Pulmonary neuroendocrine tumors are neuroendocrine tumors localized to the lung: bronchus or pulmonary parenchyma.
Pulmonary neuroendocrine tumors include a spectrum of tumors from the low-grade typical pulmonary carcinoid tumor and intermediate-grade atypical pulmonary carcinoid tumor to the high-grade pulmonary large cell neuroendocrine carcinoma (LCNEC) and pulmonary small cell carcinoma (SCLC), with significant clinical, epidemiologic and genetic differences.
Pulmonary neuroendocrine tumor are classified according to tumoral grade:
- Low grade pulmonary neuroendocrine tumor: Typical pulmonary carcinoid tumour (TC; low-grade);
- Intermediate-grade pulmonary neuroendocrine tumor: Atypical pulmonary carcinoid tumour (AC; intermediate-grade)
- High-grade pulmonary neuroendocrine tumor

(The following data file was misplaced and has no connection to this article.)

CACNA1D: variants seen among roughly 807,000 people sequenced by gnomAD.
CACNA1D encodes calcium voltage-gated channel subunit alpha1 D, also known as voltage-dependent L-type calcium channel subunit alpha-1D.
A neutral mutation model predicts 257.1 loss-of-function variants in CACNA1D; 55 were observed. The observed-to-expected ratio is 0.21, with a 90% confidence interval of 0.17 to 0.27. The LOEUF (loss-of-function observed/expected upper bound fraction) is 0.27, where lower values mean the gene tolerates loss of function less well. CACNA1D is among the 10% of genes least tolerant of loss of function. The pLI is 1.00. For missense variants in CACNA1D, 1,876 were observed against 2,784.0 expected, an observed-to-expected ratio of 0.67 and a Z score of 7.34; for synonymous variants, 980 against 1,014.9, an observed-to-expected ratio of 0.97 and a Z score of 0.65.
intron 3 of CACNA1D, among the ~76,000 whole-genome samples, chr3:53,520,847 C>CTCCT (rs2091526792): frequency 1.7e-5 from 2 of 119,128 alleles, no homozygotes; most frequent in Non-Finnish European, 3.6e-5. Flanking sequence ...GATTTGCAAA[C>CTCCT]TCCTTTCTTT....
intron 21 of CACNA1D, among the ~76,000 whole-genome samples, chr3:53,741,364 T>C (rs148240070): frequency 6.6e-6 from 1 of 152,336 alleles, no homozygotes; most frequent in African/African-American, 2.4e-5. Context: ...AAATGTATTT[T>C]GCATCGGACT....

- Small cell lung cancer (SCLC)
- Large cell neuroendocrine carcinoma (LCNEC of the lung)
Low-grade nodular neuroendocrine proliferations ≥ 0.5 cm are classified as carcinoid tumors and smaller ones are called pulmonary tumorlets.
When neuroendocrine cell hyperplasia and tumorlets are extensive, they represent the rare preinvasive lesion for carcinoids known as "diffuse idiopathic pulmonary neuroendocrine cell hyperplasia".
Both LCNEC and SCLC can demonstrate histologic heterogeneity with other major histologic types of lung carcinoma, such as pulmonary adenocarcinoma or pulmonary squamous cell carcinoma, but is not characteristic of TC or AC.
The diagnosis of SCLC, TC and AC can be made by light microscopy without the need for special tests in most cases, but for LCNEC it is required to demonstrate NE differentiation by immunohistochemistry or electron microscopy.
Multiple endocrine neoplasia type I (MEN1)can be found in carcinoid tumor patients, but not those with LCNEC and SCLC.
Genetic changes are very high in SCLC and LCNEC, but usually low for TC, intermediate for AC.